You'll likely have follow-up appointments with your doctor and other members of your treatment team once a week for the first month after your procedure to check how well your ventricular assist device (VAD) is working and to check for complications.
Follow-up appointments may include a physical examination, several tests and an evaluation of the device's function. You'll generally need follow-up appointments less frequently over a period of time, as you continue to recover. Appointments may take place in clinics staffed by a medical team trained in ventricular assist devices.
Your doctor may also recommend that you participate in a cardiac rehabilitation program. Cardiac rehabilitation is a customized program of exercise and education, designed to help you improve your health and recover from a heart attack, other forms of heart disease or surgery to treat heart disease. Cardiac rehabilitation staff may help you incorporate healthy lifestyle changes — such as exercise, a heart-healthy diet and stress management — into your life.
Depending on your condition, you may be able to return to many of your daily life activities, such as returning to work, driving, being sexually active, participating in hobbies and exercising. Your doctor can discuss with you what activities are appropriate for you.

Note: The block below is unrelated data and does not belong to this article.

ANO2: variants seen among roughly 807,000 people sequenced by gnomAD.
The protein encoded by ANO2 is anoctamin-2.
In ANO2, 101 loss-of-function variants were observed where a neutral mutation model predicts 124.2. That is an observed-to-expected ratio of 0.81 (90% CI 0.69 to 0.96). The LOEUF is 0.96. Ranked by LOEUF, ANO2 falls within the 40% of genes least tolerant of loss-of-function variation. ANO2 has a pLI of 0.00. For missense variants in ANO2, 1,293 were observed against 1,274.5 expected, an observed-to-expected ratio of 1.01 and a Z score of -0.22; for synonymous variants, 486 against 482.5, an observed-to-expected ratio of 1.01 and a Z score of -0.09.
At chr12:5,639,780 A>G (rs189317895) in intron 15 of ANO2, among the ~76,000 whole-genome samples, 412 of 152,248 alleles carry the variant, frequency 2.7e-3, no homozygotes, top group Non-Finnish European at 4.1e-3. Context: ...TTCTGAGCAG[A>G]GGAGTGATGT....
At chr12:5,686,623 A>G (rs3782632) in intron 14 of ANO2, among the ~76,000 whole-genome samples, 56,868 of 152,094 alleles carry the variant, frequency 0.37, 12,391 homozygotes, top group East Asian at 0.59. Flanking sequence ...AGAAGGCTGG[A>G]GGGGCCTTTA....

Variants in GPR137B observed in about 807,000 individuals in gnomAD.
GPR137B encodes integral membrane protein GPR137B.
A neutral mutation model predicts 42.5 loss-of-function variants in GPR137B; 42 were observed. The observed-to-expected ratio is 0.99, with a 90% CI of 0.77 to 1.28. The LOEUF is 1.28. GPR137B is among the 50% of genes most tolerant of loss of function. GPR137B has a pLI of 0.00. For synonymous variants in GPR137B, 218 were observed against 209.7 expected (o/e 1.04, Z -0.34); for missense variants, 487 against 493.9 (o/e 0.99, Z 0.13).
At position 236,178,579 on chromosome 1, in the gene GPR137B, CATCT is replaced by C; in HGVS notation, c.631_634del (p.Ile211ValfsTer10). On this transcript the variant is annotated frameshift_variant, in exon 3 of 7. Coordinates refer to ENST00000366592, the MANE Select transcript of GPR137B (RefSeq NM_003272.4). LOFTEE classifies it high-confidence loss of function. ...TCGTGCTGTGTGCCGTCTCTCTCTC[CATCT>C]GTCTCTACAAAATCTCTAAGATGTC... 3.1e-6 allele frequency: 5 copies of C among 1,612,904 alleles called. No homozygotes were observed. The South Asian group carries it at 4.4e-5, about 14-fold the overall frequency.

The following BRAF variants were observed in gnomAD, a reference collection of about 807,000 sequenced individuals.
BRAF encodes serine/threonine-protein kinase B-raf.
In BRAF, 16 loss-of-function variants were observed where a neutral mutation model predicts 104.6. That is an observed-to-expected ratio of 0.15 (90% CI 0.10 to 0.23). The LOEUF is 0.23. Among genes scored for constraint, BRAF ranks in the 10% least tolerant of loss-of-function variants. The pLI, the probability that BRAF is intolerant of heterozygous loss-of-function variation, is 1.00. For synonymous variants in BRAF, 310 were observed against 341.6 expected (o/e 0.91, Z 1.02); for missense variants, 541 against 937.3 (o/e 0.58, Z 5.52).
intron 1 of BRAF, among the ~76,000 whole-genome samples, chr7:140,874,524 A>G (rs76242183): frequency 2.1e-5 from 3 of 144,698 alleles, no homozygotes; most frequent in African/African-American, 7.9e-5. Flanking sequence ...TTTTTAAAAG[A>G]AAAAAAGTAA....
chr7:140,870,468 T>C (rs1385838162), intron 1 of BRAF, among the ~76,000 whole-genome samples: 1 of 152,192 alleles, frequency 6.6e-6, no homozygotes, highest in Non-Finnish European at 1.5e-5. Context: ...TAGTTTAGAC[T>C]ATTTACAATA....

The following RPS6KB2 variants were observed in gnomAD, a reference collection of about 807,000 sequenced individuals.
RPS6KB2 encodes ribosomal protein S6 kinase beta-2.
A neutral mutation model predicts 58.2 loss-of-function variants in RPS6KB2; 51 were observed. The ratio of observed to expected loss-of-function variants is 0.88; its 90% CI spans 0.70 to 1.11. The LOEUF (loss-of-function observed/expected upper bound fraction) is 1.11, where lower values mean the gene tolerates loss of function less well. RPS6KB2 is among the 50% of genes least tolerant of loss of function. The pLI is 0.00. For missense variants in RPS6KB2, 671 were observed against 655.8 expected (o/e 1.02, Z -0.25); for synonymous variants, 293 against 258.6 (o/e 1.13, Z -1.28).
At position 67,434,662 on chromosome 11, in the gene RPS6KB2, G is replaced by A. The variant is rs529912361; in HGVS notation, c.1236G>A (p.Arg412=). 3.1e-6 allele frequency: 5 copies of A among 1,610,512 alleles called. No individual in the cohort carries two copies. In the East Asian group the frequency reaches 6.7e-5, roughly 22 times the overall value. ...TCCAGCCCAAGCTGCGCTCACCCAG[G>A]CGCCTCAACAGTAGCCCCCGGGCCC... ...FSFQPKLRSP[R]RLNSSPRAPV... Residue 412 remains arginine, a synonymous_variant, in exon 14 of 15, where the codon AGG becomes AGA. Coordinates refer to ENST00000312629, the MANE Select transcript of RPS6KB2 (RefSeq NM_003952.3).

Living with a VAD can seem stressful. You may worry that your VAD will stop working or that you'll get an infection. If you're a candidate for a heart transplant, you may worry that your VAD won't keep working long enough for you to receive a donor heart.
Talk to your treatment team, family and friends if you feel stressed, worried or depressed. It may help to discuss how you're feeling. You may want to consider joining a support group of people who have VADs or talking with a professional counselor.
VADs and heart transplants
If you have a VAD implanted to help your heart pump blood while you wait for a heart transplant, you'll remain in close contact with your doctor and transplant center while you remain on the waiting list. It's likely you won't be allowed to travel farther than two hours' driving time of your hospital in case a donor heart becomes available.
Feb. 24, 2016